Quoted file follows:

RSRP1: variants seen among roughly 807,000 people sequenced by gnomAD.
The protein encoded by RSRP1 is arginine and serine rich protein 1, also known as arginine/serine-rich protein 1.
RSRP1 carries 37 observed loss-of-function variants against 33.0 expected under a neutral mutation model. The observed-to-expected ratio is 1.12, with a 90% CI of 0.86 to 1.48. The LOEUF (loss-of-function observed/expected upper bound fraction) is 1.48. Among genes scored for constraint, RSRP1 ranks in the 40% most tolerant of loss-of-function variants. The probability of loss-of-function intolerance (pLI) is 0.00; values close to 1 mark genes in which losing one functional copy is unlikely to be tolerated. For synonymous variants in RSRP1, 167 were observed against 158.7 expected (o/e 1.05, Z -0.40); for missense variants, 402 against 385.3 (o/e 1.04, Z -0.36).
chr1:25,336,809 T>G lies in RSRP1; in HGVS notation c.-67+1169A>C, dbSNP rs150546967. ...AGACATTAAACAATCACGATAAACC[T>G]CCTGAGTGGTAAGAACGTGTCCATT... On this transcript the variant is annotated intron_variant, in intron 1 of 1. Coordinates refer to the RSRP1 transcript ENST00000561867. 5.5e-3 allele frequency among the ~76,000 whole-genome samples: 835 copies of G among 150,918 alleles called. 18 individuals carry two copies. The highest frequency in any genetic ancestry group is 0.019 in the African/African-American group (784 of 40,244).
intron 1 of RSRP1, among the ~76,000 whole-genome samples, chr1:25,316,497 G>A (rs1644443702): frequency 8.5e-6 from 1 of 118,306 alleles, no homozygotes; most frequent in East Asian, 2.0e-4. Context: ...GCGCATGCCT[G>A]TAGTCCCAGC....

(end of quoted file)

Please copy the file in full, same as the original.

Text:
RSRP1: variants seen among roughly 807,000 people sequenced by gnomAD.
The protein encoded by RSRP1 is arginine and serine rich protein 1, also known as arginine/serine-rich protein 1.
RSRP1 carries 37 observed loss-of-function variants against 33.0 expected under a neutral mutation model. The observed-to-expected ratio is 1.12, with a 90% CI of 0.86 to 1.48. The LOEUF (loss-of-function observed/expected upper bound fraction) is 1.48. Among genes scored for constraint, RSRP1 ranks in the 40% most tolerant of loss-of-function variants. The probability of loss-of-function intolerance (pLI) is 0.00; values close to 1 mark genes in which losing one functional copy is unlikely to be tolerated. For synonymous variants in RSRP1, 167 were observed against 158.7 expected (o/e 1.05, Z -0.40); for missense variants, 402 against 385.3 (o/e 1.04, Z -0.36).
chr1:25,336,809 T>G lies in RSRP1; in HGVS notation c.-67+1169A>C, dbSNP rs150546967. ...AGACATTAAACAATCACGATAAACC[T>G]CCTGAGTGGTAAGAACGTGTCCATT... On this transcript the variant is annotated intron_variant, in intron 1 of 1. Coordinates refer to the RSRP1 transcript ENST00000561867. 5.5e-3 allele frequency among the ~76,000 whole-genome samples: 835 copies of G among 150,918 alleles called. 18 individuals carry two copies. The highest frequency in any genetic ancestry group is 0.019 in the African/African-American group (784 of 40,244).
intron 1 of RSRP1, among the ~76,000 whole-genome samples, chr1:25,316,497 G>A (rs1644443702): frequency 8.5e-6 from 1 of 118,306 alleles, no homozygotes; most frequent in East Asian, 2.0e-4. Context: ...GCGCATGCCT[G>A]TAGTCCCAGC....